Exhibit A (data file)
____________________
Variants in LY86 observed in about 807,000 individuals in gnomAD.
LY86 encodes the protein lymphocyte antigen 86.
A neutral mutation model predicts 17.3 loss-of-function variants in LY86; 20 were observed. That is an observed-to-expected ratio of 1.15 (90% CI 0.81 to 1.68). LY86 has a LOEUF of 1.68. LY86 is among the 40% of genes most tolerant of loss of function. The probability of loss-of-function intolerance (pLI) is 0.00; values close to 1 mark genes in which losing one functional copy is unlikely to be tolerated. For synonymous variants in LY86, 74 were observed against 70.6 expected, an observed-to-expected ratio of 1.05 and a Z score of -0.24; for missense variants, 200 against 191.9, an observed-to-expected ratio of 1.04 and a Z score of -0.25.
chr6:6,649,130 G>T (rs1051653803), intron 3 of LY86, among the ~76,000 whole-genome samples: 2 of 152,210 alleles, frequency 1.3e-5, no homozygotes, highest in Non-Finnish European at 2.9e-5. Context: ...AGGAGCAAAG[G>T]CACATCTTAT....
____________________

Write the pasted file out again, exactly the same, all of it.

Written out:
Variants in LY86 observed in about 807,000 individuals in gnomAD.
LY86 encodes the protein lymphocyte antigen 86.
A neutral mutation model predicts 17.3 loss-of-function variants in LY86; 20 were observed. That is an observed-to-expected ratio of 1.15 (90% CI 0.81 to 1.68). LY86 has a LOEUF of 1.68. LY86 is among the 40% of genes most tolerant of loss of function. The probability of loss-of-function intolerance (pLI) is 0.00; values close to 1 mark genes in which losing one functional copy is unlikely to be tolerated. For synonymous variants in LY86, 74 were observed against 70.6 expected, an observed-to-expected ratio of 1.05 and a Z score of -0.24; for missense variants, 200 against 191.9, an observed-to-expected ratio of 1.04 and a Z score of -0.25.
chr6:6,649,130 G>T (rs1051653803), intron 3 of LY86, among the ~76,000 whole-genome samples: 2 of 152,210 alleles, frequency 1.3e-5, no homozygotes, highest in Non-Finnish European at 2.9e-5. Context: ...AGGAGCAAAG[G>T]CACATCTTAT....